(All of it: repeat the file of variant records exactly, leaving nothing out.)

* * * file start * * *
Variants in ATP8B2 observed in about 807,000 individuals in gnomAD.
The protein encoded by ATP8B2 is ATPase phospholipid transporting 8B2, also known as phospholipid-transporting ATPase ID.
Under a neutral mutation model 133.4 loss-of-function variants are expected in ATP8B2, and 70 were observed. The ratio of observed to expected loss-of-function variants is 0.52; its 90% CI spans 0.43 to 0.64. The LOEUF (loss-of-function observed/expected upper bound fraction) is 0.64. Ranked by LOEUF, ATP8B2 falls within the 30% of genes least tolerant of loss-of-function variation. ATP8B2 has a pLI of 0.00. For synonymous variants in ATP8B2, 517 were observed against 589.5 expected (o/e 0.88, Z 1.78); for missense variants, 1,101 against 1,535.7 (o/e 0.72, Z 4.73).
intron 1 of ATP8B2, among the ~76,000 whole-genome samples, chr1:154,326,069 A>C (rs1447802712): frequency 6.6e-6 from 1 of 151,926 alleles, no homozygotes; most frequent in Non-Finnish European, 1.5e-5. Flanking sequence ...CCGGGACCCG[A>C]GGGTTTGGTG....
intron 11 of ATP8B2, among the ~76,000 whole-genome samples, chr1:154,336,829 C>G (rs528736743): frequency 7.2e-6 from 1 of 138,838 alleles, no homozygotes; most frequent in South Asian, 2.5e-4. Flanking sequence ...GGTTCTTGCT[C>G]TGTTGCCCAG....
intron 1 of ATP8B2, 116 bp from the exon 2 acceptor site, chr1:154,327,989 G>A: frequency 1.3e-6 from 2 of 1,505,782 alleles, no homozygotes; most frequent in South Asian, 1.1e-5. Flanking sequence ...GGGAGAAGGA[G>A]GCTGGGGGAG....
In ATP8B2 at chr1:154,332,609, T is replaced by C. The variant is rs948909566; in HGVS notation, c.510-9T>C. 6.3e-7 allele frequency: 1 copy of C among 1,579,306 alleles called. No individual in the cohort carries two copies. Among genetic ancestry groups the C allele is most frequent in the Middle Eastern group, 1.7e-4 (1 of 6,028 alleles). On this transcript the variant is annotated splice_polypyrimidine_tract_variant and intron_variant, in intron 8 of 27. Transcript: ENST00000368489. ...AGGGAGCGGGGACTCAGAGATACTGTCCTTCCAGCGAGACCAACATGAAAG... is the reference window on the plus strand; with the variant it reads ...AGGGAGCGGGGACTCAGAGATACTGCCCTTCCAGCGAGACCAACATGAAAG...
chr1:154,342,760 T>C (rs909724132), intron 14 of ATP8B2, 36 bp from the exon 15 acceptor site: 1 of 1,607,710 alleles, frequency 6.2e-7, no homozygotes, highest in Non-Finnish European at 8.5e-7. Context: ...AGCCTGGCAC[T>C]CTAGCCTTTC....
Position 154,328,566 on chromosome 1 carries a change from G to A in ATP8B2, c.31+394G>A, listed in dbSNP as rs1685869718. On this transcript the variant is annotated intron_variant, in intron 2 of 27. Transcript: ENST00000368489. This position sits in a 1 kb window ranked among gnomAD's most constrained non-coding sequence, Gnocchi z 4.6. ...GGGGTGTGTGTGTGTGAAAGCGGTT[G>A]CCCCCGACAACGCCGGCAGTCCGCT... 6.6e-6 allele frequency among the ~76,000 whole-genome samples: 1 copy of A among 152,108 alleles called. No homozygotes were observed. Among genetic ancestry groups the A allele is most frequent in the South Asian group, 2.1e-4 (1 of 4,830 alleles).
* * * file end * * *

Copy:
Variants in ATP8B2 observed in about 807,000 individuals in gnomAD.
The protein encoded by ATP8B2 is ATPase phospholipid transporting 8B2, also known as phospholipid-transporting ATPase ID.
Under a neutral mutation model 133.4 loss-of-function variants are expected in ATP8B2, and 70 were observed. The ratio of observed to expected loss-of-function variants is 0.52; its 90% CI spans 0.43 to 0.64. The LOEUF (loss-of-function observed/expected upper bound fraction) is 0.64. Ranked by LOEUF, ATP8B2 falls within the 30% of genes least tolerant of loss-of-function variation. ATP8B2 has a pLI of 0.00. For synonymous variants in ATP8B2, 517 were observed against 589.5 expected (o/e 0.88, Z 1.78); for missense variants, 1,101 against 1,535.7 (o/e 0.72, Z 4.73).
intron 1 of ATP8B2, among the ~76,000 whole-genome samples, chr1:154,326,069 A>C (rs1447802712): frequency 6.6e-6 from 1 of 151,926 alleles, no homozygotes; most frequent in Non-Finnish European, 1.5e-5. Flanking sequence ...CCGGGACCCG[A>C]GGGTTTGGTG....
intron 11 of ATP8B2, among the ~76,000 whole-genome samples, chr1:154,336,829 C>G (rs528736743): frequency 7.2e-6 from 1 of 138,838 alleles, no homozygotes; most frequent in South Asian, 2.5e-4. Flanking sequence ...GGTTCTTGCT[C>G]TGTTGCCCAG....
intron 1 of ATP8B2, 116 bp from the exon 2 acceptor site, chr1:154,327,989 G>A: frequency 1.3e-6 from 2 of 1,505,782 alleles, no homozygotes; most frequent in South Asian, 1.1e-5. Flanking sequence ...GGGAGAAGGA[G>A]GCTGGGGGAG....
In ATP8B2 at chr1:154,332,609, T is replaced by C. The variant is rs948909566; in HGVS notation, c.510-9T>C. 6.3e-7 allele frequency: 1 copy of C among 1,579,306 alleles called. No individual in the cohort carries two copies. Among genetic ancestry groups the C allele is most frequent in the Middle Eastern group, 1.7e-4 (1 of 6,028 alleles). On this transcript the variant is annotated splice_polypyrimidine_tract_variant and intron_variant, in intron 8 of 27. Transcript: ENST00000368489. ...AGGGAGCGGGGACTCAGAGATACTGTCCTTCCAGCGAGACCAACATGAAAG... is the reference window on the plus strand; with the variant it reads ...AGGGAGCGGGGACTCAGAGATACTGCCCTTCCAGCGAGACCAACATGAAAG...
chr1:154,342,760 T>C (rs909724132), intron 14 of ATP8B2, 36 bp from the exon 15 acceptor site: 1 of 1,607,710 alleles, frequency 6.2e-7, no homozygotes, highest in Non-Finnish European at 8.5e-7. Context: ...AGCCTGGCAC[T>C]CTAGCCTTTC....
Position 154,328,566 on chromosome 1 carries a change from G to A in ATP8B2, c.31+394G>A, listed in dbSNP as rs1685869718. On this transcript the variant is annotated intron_variant, in intron 2 of 27. Transcript: ENST00000368489. This position sits in a 1 kb window ranked among gnomAD's most constrained non-coding sequence, Gnocchi z 4.6. ...GGGGTGTGTGTGTGTGAAAGCGGTT[G>A]CCCCCGACAACGCCGGCAGTCCGCT... 6.6e-6 allele frequency among the ~76,000 whole-genome samples: 1 copy of A among 152,108 alleles called. No homozygotes were observed. Among genetic ancestry groups the A allele is most frequent in the South Asian group, 2.1e-4 (1 of 4,830 alleles).